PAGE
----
The Ashland School Board on Tuesday voted unanimously to appoint Southern Oregon University Board of Trustees secretary Sabrina Prud’homme to fill the school board’s position No. 2 vacancy, concluding a five-week search that began after John Williams resigned from the board June 12.

Prud’Homme’s term will begin Aug. 1 and she’ll be up for re-election, should she decide to run, in May 2019.

“It’s extremely humbling, so I think at first it was just like ‘Wow, what a tremendous honor,’" said Prud’Homme, whose daughter recently graduated from Ashland High School and whose son is entering kindergarten. “I appreciate very much the confidence of my — I guess, now — board colleagues to be able to make that vote and to choose me. I certainly wouldn’t envy their position in having to make that decision, but I certainly appreciate the confidence.”

Prud’Homme beat out two other applicants: Kamilah Long, the manager of capital campaigns and leadership alliances for the Oregon Shakespeare Festival; and James Jarrard, a former liaison to the Advanced Research Projects Agency and a former federal school system representative at the Department of Education’s Center for Education Statistics.

The search for Williams’ replacement included two public Q&A sessions, face-to-face meetings between the remaining four board members and the three candidates and, Monday afternoon, public interviews with the candidates.

Tuesday’s vote, which began at 1 p.m. at the district office, lasted about five minutes. Board director Jim Westrick opened the meeting with a brief summary of the process. He was joined in the front of the conference room by fellow board members Deneice Covert Zeve, Eva Skuratowicz and Eric Strong.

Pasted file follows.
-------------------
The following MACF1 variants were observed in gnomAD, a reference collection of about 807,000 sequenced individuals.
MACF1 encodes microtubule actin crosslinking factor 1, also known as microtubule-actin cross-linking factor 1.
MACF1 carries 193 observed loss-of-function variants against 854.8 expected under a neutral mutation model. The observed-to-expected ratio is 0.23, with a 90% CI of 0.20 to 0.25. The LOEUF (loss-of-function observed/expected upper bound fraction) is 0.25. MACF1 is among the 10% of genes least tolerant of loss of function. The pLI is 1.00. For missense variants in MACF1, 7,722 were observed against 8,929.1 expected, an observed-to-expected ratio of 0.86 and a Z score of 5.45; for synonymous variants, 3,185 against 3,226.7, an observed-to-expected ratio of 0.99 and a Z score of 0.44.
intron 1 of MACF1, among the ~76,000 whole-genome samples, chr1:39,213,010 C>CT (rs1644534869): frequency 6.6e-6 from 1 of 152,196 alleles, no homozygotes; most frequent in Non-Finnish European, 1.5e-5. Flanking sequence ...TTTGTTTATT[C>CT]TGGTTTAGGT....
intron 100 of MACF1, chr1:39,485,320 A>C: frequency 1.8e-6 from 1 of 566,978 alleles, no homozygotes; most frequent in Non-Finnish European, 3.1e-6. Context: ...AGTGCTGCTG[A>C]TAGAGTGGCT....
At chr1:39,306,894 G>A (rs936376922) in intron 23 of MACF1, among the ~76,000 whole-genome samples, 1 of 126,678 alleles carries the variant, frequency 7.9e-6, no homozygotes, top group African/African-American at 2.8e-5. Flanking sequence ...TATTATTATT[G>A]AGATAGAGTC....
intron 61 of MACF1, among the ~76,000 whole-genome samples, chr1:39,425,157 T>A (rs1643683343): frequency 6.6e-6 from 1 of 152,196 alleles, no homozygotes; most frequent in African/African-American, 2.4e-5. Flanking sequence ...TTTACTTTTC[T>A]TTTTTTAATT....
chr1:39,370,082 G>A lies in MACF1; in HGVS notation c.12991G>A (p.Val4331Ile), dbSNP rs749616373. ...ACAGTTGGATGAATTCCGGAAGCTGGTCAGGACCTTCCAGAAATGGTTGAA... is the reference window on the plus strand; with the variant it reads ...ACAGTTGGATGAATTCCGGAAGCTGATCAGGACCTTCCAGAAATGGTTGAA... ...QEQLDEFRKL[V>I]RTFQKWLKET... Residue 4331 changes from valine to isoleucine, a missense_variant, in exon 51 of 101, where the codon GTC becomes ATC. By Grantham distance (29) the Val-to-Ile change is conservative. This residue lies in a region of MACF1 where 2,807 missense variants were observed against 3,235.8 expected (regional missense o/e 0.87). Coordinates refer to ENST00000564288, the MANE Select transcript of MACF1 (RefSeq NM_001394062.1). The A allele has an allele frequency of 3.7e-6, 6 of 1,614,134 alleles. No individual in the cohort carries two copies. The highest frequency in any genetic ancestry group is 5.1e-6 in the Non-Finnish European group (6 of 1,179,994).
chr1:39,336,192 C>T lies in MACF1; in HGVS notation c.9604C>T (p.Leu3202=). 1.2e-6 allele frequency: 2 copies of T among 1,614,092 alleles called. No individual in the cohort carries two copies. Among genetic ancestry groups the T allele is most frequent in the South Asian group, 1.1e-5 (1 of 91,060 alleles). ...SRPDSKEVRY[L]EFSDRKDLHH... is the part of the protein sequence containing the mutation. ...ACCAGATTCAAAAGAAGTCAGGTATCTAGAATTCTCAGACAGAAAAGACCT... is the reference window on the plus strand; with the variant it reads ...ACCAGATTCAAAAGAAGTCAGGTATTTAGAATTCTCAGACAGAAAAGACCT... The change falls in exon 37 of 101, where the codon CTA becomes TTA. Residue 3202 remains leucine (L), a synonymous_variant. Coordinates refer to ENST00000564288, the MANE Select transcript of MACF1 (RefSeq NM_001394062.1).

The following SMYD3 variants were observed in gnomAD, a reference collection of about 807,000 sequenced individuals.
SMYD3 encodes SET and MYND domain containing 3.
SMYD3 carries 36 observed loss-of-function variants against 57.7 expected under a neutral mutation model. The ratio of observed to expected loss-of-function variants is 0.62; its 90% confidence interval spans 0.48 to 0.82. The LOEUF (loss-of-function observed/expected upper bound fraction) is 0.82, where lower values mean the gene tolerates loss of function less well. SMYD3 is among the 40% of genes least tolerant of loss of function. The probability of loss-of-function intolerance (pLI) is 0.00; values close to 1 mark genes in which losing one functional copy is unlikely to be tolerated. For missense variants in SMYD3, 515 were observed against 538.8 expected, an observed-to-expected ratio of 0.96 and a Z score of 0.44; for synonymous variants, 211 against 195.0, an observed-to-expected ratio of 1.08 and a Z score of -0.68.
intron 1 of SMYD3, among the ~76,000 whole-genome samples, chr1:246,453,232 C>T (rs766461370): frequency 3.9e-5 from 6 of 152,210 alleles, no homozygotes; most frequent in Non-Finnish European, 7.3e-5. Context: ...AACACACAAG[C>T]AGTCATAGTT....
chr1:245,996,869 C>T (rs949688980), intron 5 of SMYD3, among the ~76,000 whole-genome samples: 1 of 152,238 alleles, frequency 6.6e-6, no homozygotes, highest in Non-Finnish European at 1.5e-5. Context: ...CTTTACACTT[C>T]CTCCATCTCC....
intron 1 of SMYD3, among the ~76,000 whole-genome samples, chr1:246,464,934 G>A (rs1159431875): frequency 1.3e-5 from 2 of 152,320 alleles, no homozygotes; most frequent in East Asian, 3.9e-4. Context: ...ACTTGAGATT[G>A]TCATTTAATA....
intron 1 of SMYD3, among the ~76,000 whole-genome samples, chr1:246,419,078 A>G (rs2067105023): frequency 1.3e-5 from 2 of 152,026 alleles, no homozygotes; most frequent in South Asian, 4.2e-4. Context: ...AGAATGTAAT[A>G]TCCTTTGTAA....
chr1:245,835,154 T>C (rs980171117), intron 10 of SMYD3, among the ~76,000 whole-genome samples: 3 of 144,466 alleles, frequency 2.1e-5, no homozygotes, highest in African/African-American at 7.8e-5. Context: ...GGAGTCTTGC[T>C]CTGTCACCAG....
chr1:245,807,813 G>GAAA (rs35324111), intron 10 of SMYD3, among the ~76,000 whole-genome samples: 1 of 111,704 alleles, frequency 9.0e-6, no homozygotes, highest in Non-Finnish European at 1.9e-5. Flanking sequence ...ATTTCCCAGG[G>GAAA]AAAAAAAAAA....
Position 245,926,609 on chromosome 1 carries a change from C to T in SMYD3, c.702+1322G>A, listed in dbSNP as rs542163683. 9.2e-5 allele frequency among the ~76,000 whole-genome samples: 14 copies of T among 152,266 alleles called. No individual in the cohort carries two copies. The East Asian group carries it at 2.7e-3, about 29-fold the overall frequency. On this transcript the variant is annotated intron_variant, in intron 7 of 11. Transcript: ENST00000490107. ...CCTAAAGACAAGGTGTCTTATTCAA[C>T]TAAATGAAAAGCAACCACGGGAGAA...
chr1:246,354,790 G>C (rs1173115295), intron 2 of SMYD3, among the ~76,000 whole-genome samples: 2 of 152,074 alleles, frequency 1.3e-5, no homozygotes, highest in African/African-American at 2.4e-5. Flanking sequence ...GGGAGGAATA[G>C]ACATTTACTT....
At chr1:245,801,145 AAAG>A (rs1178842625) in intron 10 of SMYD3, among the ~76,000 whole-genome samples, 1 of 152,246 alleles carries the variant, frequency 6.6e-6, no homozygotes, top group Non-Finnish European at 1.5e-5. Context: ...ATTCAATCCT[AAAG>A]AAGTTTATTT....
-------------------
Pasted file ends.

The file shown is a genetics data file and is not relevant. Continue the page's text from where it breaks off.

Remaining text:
“So this is the final chapter here in what’s been a very long and I believe public, transparent process,” he said, a statement that drew applause from a group of about 20 spectators, most of whom were on hand to support Long. “Again, I want to reiterate what I said yesterday: this is really awkward, because we have three candidates who are all extremely qualified, who showed us yesterday in their interviews that they would all bring a very unique, wide-ranging set of skills, of experience, of perspectives, and any one of them — and all of them— would be a great addition to this board.”

Later, each board member filled out a “ballot,” a small, pink piece of paper on which each of the candidates’ names were printed. The board members were instructed to put a check mark next to the name of the candidate they thought should fill the seat. If one candidate did not receive at least three votes, Westrick explained, the board would discuss the decision again before conducting another vote.

Anticipating a series of votes, Westrick printed out four sets of ballots prior to the meeting, but one set proved adequate. The ballots were passed on to board secretary Jackie Schad, who announced the results.

“We have a unanimous vote, and it’s for Sabrina Prud’homme,” Schad said.

Afterward, Long, the only candidate who attended the meeting, thanked the school board for making the process public and said that she was there “in the spirit of Nelson Mandela.”

“My quote will be, ‘I never lose — I either win or learn.’”